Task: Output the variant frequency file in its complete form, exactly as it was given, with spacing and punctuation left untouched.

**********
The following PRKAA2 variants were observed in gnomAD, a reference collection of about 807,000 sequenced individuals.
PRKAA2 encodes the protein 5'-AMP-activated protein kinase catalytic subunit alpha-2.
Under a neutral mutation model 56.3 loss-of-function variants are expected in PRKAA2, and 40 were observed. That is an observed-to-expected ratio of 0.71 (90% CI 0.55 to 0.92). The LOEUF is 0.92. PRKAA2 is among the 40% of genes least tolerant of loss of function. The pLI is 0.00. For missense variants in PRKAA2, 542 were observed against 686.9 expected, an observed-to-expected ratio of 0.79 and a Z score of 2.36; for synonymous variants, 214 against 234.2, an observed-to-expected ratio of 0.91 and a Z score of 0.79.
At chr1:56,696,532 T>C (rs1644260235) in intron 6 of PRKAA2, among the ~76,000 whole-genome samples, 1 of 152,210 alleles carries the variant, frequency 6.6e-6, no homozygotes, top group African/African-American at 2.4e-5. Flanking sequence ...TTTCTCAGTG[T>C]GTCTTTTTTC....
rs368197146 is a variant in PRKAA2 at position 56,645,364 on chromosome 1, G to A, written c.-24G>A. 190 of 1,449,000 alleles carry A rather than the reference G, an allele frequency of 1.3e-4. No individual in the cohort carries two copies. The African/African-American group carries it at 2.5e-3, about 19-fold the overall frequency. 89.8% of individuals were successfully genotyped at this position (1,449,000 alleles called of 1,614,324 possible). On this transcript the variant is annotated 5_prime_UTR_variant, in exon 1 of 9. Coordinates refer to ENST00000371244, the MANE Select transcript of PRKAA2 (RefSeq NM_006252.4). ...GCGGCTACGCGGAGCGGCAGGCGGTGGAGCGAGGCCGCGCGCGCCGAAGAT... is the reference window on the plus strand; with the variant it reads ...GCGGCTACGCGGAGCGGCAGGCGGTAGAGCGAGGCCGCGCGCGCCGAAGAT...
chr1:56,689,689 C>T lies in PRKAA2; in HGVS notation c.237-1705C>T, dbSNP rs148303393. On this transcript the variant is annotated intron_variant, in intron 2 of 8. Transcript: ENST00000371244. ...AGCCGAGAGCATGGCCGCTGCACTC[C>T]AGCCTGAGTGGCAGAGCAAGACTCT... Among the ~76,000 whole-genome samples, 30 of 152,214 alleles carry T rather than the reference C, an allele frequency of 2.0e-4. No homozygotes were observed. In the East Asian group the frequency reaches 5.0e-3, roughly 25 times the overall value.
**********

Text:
The following PRKAA2 variants were observed in gnomAD, a reference collection of about 807,000 sequenced individuals.
PRKAA2 encodes the protein 5'-AMP-activated protein kinase catalytic subunit alpha-2.
Under a neutral mutation model 56.3 loss-of-function variants are expected in PRKAA2, and 40 were observed. That is an observed-to-expected ratio of 0.71 (90% CI 0.55 to 0.92). The LOEUF is 0.92. PRKAA2 is among the 40% of genes least tolerant of loss of function. The pLI is 0.00. For missense variants in PRKAA2, 542 were observed against 686.9 expected, an observed-to-expected ratio of 0.79 and a Z score of 2.36; for synonymous variants, 214 against 234.2, an observed-to-expected ratio of 0.91 and a Z score of 0.79.
At chr1:56,696,532 T>C (rs1644260235) in intron 6 of PRKAA2, among the ~76,000 whole-genome samples, 1 of 152,210 alleles carries the variant, frequency 6.6e-6, no homozygotes, top group African/African-American at 2.4e-5. Flanking sequence ...TTTCTCAGTG[T>C]GTCTTTTTTC....
rs368197146 is a variant in PRKAA2 at position 56,645,364 on chromosome 1, G to A, written c.-24G>A. 190 of 1,449,000 alleles carry A rather than the reference G, an allele frequency of 1.3e-4. No individual in the cohort carries two copies. The African/African-American group carries it at 2.5e-3, about 19-fold the overall frequency. 89.8% of individuals were successfully genotyped at this position (1,449,000 alleles called of 1,614,324 possible). On this transcript the variant is annotated 5_prime_UTR_variant, in exon 1 of 9. Coordinates refer to ENST00000371244, the MANE Select transcript of PRKAA2 (RefSeq NM_006252.4). ...GCGGCTACGCGGAGCGGCAGGCGGTGGAGCGAGGCCGCGCGCGCCGAAGAT... is the reference window on the plus strand; with the variant it reads ...GCGGCTACGCGGAGCGGCAGGCGGTAGAGCGAGGCCGCGCGCGCCGAAGAT...
chr1:56,689,689 C>T lies in PRKAA2; in HGVS notation c.237-1705C>T, dbSNP rs148303393. On this transcript the variant is annotated intron_variant, in intron 2 of 8. Transcript: ENST00000371244. ...AGCCGAGAGCATGGCCGCTGCACTC[C>T]AGCCTGAGTGGCAGAGCAAGACTCT... Among the ~76,000 whole-genome samples, 30 of 152,214 alleles carry T rather than the reference C, an allele frequency of 2.0e-4. No homozygotes were observed. In the East Asian group the frequency reaches 5.0e-3, roughly 25 times the overall value.